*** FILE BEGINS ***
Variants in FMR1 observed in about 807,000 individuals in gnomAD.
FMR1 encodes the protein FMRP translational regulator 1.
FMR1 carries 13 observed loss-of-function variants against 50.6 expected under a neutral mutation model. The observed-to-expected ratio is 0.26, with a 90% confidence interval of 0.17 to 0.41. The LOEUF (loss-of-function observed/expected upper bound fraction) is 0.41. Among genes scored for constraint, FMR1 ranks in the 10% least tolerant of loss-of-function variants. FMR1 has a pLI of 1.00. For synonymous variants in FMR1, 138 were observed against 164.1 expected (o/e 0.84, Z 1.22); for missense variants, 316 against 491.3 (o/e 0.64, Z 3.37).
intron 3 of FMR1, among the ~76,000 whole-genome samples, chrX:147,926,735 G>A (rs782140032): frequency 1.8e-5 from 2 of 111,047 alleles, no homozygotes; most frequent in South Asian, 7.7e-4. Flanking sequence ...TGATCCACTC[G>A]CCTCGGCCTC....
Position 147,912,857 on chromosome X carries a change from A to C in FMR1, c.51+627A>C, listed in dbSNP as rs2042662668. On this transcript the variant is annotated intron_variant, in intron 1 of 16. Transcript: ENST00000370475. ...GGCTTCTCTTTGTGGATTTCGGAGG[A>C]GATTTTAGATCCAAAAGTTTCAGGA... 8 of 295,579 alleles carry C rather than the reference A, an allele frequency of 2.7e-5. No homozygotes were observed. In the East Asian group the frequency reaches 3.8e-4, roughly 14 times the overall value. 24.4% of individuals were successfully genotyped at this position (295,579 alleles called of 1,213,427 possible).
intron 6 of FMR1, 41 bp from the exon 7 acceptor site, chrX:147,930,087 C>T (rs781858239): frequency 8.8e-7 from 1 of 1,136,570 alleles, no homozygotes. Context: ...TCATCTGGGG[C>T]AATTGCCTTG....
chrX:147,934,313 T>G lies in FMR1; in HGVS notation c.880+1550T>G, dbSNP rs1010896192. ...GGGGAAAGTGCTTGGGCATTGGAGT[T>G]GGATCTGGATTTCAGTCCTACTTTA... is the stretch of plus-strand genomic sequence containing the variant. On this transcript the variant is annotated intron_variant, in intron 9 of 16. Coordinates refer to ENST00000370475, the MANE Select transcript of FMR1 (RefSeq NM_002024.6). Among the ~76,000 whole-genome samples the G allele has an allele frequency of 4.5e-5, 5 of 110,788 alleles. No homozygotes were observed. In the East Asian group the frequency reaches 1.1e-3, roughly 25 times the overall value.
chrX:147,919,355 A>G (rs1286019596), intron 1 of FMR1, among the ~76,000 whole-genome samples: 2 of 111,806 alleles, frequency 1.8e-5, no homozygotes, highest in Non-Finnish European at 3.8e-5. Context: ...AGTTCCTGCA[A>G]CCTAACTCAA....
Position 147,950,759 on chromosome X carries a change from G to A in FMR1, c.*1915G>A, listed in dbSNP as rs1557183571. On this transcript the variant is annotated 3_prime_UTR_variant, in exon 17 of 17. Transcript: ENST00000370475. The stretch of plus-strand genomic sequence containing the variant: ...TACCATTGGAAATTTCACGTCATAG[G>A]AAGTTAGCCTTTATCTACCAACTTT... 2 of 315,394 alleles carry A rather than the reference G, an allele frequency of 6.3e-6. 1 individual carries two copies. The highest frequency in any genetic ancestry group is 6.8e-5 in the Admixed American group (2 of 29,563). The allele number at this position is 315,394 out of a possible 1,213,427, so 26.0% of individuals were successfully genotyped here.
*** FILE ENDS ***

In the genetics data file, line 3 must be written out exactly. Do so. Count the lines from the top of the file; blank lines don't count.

FMR1 carries 13 observed loss-of-function variants against 50.6 expected under a neutral mutation model. The observed-to-expected ratio is 0.26, with a 90% confidence interval of 0.17 to 0.41. The LOEUF (loss-of-function observed/expected upper bound fraction) is 0.41. Among genes scored for constraint, FMR1 ranks in the 10% least tolerant of loss-of-function variants. FMR1 has a pLI of 1.00. For synonymous variants in FMR1, 138 were observed against 164.1 expected (o/e 0.84, Z 1.22); for missense variants, 316 against 491.3 (o/e 0.64, Z 3.37).